It was a pretty slow day at Don Scott, so I only got to see one plane land, but there were some extremely impressive cumulonimbus calvi on the western horizon.

At the first drop of rain, I hustled back inside just in time to avoid being drenched by the excrement of said cumulonimbi.  LPIE and I then went to meet up with my friend Skye at Union in the Short North, where the ratio of people sexually oriented toward me rather than Skye was approximately 99 to 1.  Of course I had to be obnoxious and snap pictures of strangers, but fortunately, Nikita is very quiet and ninja-like.  Unlike the Olympus, which sounds approximately like a guillotine cutting through a pumpkin.

And speaking of ninjas, we realized that the vacant lot behind which we parked is actually home to some extremely plump wooden ninja figures.  Someday I will come back during the day and photograph them in all their rotund glory, but here is an extremely grainy shot of these delightful beings.

I also learned this weekend that I will probably be the worst day-care/pre-school mother of all time.  When I’m apart from Nikita for more than a few hours, I get separation anxiety and immediately upon returning have to rush  to the camera case and make sure she is real and that everything is still intact. [sigh] I really wish I didn’t have allergies so I could expend my considerable nurturing energies on something animate.  But instead I am a teacher, so I can expend my considerable nurturing energies on coaxing my recalcitrant tiny humans to act like something resembling a young adult.  First day with my classes tomorrow…finally!  Still mildly terrified that I will somehow screw up royally, but I think that will disappear when I step into my classroom.

Lean Wit’ It (Rock Wit’ It)

Peter the Polychrone (sounds like a Russian czar…) once described me as being possessed of a “chaotic and well-meaning spirit,” which is one of the truest statements and best compliments I have ever heard.  But the caveat is that the chaos that often swirls around me like snow blown from a drift can very easily trip me up in its tangles.  The burden of being a dominant intuitive is that my freewheeling feelings often butt headfirst into my need (desire?) for order.  (Meaning I have endless fun color-coding my divider tabs that I will completely ignore after about a week.)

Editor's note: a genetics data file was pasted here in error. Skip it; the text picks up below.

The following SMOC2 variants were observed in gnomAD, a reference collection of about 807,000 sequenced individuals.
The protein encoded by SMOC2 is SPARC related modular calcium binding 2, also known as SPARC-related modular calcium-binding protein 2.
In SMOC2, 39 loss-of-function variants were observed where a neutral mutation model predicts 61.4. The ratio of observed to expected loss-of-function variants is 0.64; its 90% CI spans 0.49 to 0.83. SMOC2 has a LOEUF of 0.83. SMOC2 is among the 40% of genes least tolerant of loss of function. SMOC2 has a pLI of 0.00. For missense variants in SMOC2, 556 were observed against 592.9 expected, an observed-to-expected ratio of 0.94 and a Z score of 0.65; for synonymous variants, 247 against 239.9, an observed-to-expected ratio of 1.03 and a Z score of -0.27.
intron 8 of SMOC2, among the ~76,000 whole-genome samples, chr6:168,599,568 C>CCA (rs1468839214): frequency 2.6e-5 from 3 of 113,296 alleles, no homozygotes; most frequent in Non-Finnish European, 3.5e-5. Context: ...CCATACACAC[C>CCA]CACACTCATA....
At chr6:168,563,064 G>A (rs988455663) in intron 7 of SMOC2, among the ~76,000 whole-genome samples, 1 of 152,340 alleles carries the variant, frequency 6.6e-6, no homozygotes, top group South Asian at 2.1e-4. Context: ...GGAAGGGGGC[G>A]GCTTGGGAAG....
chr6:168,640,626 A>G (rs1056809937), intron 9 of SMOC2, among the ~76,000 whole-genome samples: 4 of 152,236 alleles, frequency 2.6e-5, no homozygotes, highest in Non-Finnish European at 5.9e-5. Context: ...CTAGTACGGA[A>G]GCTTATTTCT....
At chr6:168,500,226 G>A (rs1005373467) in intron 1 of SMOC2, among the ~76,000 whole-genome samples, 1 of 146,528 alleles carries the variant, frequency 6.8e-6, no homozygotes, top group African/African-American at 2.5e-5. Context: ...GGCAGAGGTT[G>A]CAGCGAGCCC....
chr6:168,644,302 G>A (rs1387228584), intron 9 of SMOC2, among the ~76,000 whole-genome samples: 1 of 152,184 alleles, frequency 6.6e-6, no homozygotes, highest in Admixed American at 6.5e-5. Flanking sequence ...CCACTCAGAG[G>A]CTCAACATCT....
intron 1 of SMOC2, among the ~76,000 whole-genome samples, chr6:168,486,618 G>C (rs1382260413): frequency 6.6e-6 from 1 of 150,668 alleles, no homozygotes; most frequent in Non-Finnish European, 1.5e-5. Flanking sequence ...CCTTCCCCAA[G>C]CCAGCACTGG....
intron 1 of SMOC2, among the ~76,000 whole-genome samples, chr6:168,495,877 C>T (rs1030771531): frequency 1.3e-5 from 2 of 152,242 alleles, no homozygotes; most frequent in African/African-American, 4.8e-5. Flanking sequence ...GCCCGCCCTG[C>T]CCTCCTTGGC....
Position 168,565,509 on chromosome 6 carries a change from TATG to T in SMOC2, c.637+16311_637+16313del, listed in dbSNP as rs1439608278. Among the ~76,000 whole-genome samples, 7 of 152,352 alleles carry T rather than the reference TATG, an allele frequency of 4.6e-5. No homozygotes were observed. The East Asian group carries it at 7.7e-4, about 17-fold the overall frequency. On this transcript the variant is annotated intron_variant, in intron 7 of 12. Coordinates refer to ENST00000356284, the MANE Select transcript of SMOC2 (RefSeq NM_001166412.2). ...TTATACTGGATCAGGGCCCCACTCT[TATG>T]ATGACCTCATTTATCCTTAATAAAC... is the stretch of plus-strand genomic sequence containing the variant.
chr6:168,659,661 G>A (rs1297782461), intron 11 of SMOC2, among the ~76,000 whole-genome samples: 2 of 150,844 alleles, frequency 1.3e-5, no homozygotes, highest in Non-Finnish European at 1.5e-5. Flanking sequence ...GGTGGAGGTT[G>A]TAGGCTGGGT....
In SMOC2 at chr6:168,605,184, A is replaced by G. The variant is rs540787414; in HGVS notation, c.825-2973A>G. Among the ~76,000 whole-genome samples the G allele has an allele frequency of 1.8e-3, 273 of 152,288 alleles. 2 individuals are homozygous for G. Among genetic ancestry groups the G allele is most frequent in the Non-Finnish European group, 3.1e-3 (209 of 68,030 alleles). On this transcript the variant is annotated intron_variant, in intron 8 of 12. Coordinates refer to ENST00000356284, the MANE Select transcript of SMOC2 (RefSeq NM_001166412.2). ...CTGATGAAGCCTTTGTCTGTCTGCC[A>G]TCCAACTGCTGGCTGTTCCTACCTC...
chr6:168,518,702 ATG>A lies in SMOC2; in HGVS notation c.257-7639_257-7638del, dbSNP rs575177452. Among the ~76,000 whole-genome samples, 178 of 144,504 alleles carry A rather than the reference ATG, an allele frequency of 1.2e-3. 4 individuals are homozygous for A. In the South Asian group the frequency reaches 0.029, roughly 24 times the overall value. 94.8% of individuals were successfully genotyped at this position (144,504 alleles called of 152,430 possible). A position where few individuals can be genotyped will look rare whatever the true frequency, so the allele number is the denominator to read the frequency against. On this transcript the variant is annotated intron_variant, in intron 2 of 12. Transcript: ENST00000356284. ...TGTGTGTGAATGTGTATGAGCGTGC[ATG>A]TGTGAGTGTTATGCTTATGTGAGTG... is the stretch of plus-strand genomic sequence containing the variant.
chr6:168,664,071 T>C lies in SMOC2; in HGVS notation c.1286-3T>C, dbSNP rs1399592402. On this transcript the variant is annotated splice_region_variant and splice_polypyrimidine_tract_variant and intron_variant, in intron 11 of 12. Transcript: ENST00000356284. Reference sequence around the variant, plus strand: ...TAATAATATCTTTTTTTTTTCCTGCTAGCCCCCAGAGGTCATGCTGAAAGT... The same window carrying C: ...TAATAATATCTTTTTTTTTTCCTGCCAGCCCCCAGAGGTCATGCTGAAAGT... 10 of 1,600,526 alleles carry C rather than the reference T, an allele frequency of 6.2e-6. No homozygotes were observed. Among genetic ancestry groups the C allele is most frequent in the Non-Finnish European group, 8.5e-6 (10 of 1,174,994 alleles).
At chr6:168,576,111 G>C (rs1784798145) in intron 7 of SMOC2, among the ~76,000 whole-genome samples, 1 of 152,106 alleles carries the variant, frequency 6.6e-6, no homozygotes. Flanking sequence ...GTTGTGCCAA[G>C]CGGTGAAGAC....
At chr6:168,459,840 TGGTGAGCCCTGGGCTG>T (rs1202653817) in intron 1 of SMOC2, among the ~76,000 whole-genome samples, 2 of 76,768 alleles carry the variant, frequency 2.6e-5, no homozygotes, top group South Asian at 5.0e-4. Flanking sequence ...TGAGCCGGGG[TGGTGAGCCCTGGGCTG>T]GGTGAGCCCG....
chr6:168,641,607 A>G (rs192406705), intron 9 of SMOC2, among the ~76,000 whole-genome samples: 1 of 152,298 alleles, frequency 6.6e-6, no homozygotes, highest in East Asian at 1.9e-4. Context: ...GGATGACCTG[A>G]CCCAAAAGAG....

The first two days of school have been, by any conventional definition, batshit bonkers.  Yesterday I had anywhere from 25-30 kids tramping in and out of my room built to hold about 20 tiny humans and only a vague idea of what they were supposed to be doing the majority of the day.  Today I took 28 of those students out and about the city for 5.5 hours, 3 destinations, and 1 bus breakdown, all in the name of experiential learning. (Check.)

Yesterday I was a mild basket case, and that was actually the only day this week for which we’d had any sort of concrete advance notice.  This week I was supposed to share responsibility for an elective class that is taught by our technology guru, but since there are a panoply of technical glitches that need to be worked out in the first week of school, that responsibility has devolved almost entirely to me.  But they are also supposed to be working on a project for his elective, and that’s what much of yesterday was spent doing.  I had a hard time feeling invested in teaching the lesson without Guru there even though I did believe it was valuable.  I think I was also running on a low emotional tank in general, which made me anxious about not being able to engage, which made me withdraw more, which made me feel guilty…aaaaand the sneaky hate spiral commences.

Today was better, though.  One, I had gotten to know some of the students more, and vice versa.  Two, I was able to engage the students in a some meaningful discussion about community needs, which contributed to number One.  But most importantly, I made a conscious decision to go with the flow more, permitting myself to feel whatever level of emotional generosity that I was comfortable with, and lo and behold, it came that much more easily.  As always, I am walking the tightrope between chaos and constraint.

Hope to post something more objective about the writing and thinking workshop, but it is getting close to bedtime.  So for now, a preview in pictures…